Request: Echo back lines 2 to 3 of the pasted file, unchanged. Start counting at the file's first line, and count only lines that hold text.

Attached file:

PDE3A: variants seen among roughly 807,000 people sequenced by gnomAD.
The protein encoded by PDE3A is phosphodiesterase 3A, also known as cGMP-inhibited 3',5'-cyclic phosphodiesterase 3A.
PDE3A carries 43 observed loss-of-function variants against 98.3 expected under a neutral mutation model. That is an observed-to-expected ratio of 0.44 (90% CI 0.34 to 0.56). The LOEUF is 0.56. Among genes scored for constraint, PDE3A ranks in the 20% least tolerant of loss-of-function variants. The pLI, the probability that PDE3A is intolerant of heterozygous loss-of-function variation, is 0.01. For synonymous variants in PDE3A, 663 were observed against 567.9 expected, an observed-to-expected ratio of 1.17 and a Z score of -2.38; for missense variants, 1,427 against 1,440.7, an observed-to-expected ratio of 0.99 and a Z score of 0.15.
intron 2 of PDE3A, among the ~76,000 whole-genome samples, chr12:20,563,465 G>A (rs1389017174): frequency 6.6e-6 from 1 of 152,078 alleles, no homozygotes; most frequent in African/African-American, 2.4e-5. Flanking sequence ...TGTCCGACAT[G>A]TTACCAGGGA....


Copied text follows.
The protein encoded by PDE3A is phosphodiesterase 3A, also known as cGMP-inhibited 3',5'-cyclic phosphodiesterase 3A.
PDE3A carries 43 observed loss-of-function variants against 98.3 expected under a neutral mutation model. That is an observed-to-expected ratio of 0.44 (90% CI 0.34 to 0.56). The LOEUF is 0.56. Among genes scored for constraint, PDE3A ranks in the 20% least tolerant of loss-of-function variants. The pLI, the probability that PDE3A is intolerant of heterozygous loss-of-function variation, is 0.01. For synonymous variants in PDE3A, 663 were observed against 567.9 expected, an observed-to-expected ratio of 1.17 and a Z score of -2.38; for missense variants, 1,427 against 1,440.7, an observed-to-expected ratio of 0.99 and a Z score of 0.15.